The Haunted Swing: something wicked this way rotates...
With Halloween only days away itâs once again time to dust off the face paints, shine-up the vampire fangs and artistically destroy a pumpkin. To get into the âhorrorâ of things, I began delving through some of our resources to find something suitably ghoulish from the vestiges of history. My search lead me unexpectedly to a photogravure of an amusement ride called âThe Haunted Swingâ from a souvenir album for San Franciscoâs California Midwinter International Exposition in 1894.
Image @ Special Collections Research Center, Henry Madden Library, California State University, Fresno. Further reproduction prohibited without permission.
Invented by Amariah Lake in the early 1890âs, the Haunted Swing became a popular attraction and appeared as part of the Midwinter fairâs âMidway Plaisanceâ amusement area. Admittedly, this photograph portrays a fairly innocuous scene devoid of any of the typical horror clichĂ©s such as solitary rocking chairs, sallow-looking children or tormented wraiths. However, this clever contraption was concerned with procuring a different type of fright.
Located in the middle of a traditional sitting room interior, the swing was suspended from a bar across the ceiling and could accommodate approximately 15 people. When the ride began, the swing appeared to move back and forth at an increasing pace until it seemed to complete a full rotation and its participants were imbued with the sensation of hanging upside down whilst inexplicably defying the rules of gravity. In reality it was the walls of the make-shift room which rotated (bolted-down furniture and all) whilst the swing itself hardly moved. But the illusion was so cleverly coordinated that participants would emerge confused, dizzy, faint, and often nauseous.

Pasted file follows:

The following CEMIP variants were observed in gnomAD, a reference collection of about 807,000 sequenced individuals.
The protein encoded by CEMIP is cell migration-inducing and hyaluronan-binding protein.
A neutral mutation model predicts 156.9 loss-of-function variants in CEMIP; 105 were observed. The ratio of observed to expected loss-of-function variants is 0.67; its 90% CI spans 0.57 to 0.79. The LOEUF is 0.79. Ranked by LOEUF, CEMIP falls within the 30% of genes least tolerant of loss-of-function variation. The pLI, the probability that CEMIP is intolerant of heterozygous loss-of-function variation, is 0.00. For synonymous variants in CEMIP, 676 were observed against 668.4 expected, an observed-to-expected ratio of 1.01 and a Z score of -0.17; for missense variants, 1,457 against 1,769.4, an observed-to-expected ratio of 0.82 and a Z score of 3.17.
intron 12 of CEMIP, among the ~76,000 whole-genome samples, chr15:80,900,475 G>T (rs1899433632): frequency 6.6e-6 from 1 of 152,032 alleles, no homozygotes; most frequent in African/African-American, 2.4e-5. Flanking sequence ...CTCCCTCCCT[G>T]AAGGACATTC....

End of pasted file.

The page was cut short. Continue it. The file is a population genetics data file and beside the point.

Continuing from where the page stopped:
An external view of âThe Haunted Swingâ building situated on the fairâs âMidway Plaisanceâ. Image @ Special Collections Research Center, Henry Madden Library, California State University, Fresno. Further reproduction prohibited without permission.
The Haunted Swing may seem tame in comparison to the blood splattered, special effect-laden, Hollywood horrors to which we have all become accustomed. But during the 1890âs when logic and progress reigned, this ride exposed a vulnerable disconnect between the mindâs ability to reason and the bodyâs ability to perceive. It highlighted the frightening fact that the body and the mind are vulnerable to manipulation and cannot always be trusted, a fear popularised in classic Gothic horrors of this period such as Robert Louis Stevensonâs Strange Case of Dr Jekyll and Mr Hyde, or Bram Stokerâs Dracula. And, as is demonstrated by the prevalence of modern-day incarnations of Lakeâs Haunted Swing in fairgrounds across the world, this fear is as perpetual as the rotations of the ride itself.
These photogravures are taken from the Worldâs Fairs: A Global History of Expositions resource which will be published in spring 2016. Full access restricted to authenticated academic institutions who have purchased a license.